Reason number three should surprise nobody: “struggle is more fundamental than slick political campaigning. People’s views are shaped by experience.” (Apparently, following the course of a political argument does not count as an experience, but whatever.) Finally, Labourites do not realise that “power does not lie in parliament”, and thus the capitalist class can frustrate well-meaning left governments: “They will use global institutions to bully governments, they will engineer currency panics, choke off credit and funds or withdraw investment and close factories. And if none of that works (and it usually does) they will use violence to defend their rule.”
Thus we need a “revolutionary” party, by which comrade Kimber means - wait for it - “a party based on struggle - not elections”. So, while “we hope all Corbyn’s supporters come to the Manchester demonstration at the Tory Party conference in October”, obviously “the future is outside Labour” (July 28).
In this context, some of the more obviously weird arguments in Kimber’s articles make some kind of sense, if you really squint. It may seem peculiar that he simultaneously talks down the significance of the Corbyn campaign, while promising that SWP members in affiliated trade unions will fight to get official nominations for him; but in the topsy-turvy world of the SWP, it is to be expected. A union membership that fights for a leftwing nominee for Labour leader will be more likely to go out and fight in the ‘real struggle’, by striking more often and for longer. Thus support for Corbyn can be advocated when it is entirely instrumental in the cause of something else entirely, but not otherwise.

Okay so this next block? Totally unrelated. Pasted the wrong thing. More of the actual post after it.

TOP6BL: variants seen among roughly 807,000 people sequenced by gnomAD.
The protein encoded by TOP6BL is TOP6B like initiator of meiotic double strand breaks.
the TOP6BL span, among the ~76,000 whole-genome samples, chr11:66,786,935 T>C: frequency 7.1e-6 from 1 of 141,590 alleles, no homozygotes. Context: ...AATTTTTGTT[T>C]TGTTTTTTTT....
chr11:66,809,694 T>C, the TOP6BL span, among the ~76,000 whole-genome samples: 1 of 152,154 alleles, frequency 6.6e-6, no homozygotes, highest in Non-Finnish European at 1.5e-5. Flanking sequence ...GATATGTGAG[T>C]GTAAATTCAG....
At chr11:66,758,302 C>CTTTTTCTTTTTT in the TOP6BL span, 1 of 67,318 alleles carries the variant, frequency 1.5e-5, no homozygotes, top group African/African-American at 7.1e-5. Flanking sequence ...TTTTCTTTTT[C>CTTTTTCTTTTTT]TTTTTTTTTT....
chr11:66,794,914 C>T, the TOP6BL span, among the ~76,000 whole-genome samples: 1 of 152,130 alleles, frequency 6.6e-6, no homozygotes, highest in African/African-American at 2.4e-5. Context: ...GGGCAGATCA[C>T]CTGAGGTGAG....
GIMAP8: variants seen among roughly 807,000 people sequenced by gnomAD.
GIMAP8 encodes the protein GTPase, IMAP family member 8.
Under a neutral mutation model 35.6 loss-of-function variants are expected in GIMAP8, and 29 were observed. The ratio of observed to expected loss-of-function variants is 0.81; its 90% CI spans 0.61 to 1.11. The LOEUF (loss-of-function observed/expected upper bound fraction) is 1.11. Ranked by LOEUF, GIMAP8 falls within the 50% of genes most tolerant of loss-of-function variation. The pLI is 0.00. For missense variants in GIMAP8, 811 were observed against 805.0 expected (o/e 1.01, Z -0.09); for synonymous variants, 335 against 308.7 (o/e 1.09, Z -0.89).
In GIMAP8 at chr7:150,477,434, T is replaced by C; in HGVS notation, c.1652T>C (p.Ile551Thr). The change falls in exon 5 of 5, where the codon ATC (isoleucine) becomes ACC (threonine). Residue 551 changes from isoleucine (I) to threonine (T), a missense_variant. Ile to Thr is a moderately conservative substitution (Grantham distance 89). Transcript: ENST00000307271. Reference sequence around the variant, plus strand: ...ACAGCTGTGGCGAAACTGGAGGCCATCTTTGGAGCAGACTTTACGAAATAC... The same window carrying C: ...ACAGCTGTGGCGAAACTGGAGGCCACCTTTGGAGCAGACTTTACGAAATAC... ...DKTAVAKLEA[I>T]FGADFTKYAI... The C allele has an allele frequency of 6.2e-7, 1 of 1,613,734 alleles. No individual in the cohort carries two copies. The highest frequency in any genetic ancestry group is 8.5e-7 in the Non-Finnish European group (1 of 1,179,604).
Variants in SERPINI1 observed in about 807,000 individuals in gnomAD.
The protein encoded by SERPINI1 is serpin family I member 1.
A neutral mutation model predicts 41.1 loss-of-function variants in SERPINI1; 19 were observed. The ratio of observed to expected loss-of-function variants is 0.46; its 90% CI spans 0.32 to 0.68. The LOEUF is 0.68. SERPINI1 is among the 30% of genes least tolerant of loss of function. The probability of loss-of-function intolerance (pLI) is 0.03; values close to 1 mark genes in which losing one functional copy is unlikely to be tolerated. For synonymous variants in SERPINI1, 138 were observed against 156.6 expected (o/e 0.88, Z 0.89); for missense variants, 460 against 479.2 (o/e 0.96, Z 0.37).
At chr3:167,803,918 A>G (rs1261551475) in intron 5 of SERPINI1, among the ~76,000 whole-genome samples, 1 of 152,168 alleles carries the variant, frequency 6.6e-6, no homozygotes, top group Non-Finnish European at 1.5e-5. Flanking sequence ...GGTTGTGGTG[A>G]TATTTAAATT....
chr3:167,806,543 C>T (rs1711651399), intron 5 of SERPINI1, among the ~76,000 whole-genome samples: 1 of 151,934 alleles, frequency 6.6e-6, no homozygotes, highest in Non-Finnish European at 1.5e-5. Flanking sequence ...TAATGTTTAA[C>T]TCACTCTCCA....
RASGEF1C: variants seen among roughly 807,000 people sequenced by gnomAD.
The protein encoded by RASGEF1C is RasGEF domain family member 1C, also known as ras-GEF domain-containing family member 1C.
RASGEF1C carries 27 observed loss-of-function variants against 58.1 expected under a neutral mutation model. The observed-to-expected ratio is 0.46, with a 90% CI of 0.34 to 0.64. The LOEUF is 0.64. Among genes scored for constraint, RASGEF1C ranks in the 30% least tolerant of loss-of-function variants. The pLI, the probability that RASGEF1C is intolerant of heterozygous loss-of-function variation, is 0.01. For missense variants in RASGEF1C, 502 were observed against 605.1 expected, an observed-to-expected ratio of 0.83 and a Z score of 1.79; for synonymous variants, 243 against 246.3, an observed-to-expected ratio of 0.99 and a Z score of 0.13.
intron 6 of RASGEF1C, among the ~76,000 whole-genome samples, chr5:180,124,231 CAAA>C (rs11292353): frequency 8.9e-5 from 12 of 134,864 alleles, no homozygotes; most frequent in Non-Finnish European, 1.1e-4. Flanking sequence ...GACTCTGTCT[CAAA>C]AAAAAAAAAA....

Of course, the trouble is that it is straightforwardly nonsense. The whole basis of the SWP’s strikes-and-protests fetish is that the latter activities increase people’s confidence to act in their own name and thus their openness to radical politics. Are people more or less confident now that there is a leftwing candidate within a sniff of the leadership of a purely electoral party, comrade Kimber? Does anyone in the SWP really believe that the fight over the Labour leadership is less important than some routine protest in October?
It is hardly the only recent example, moreover. Most pertinently, Syriza opened serious cracks in the Greek austerity consensus, not by endlessly shouting for more and more strikes, but by offering a serious political alternative, in the form of its electoral proposition. The point is not to endorse Syriza’s actions, nor to kid ourselves about what a Corbyn government would mean in practice; merely to point out that, if the whole point is to get people excited, then surely these phenomena (both of which have felt the sharp side of SWP tongues) are just straightforwardly good.
The problem is that any revival of interest in the Labour left is a threat to the SWP, because it has the potential to be permanent - not in the sense of lasting for all time, but for providing a venue for people to work out their politics and conduct activity in the long term. The SWP objects merely to the fact that this venue is other than the SWP. Forget Labour! Join the “revolutionary party”! Build the really important demonstration against problem X at place Y on date Z!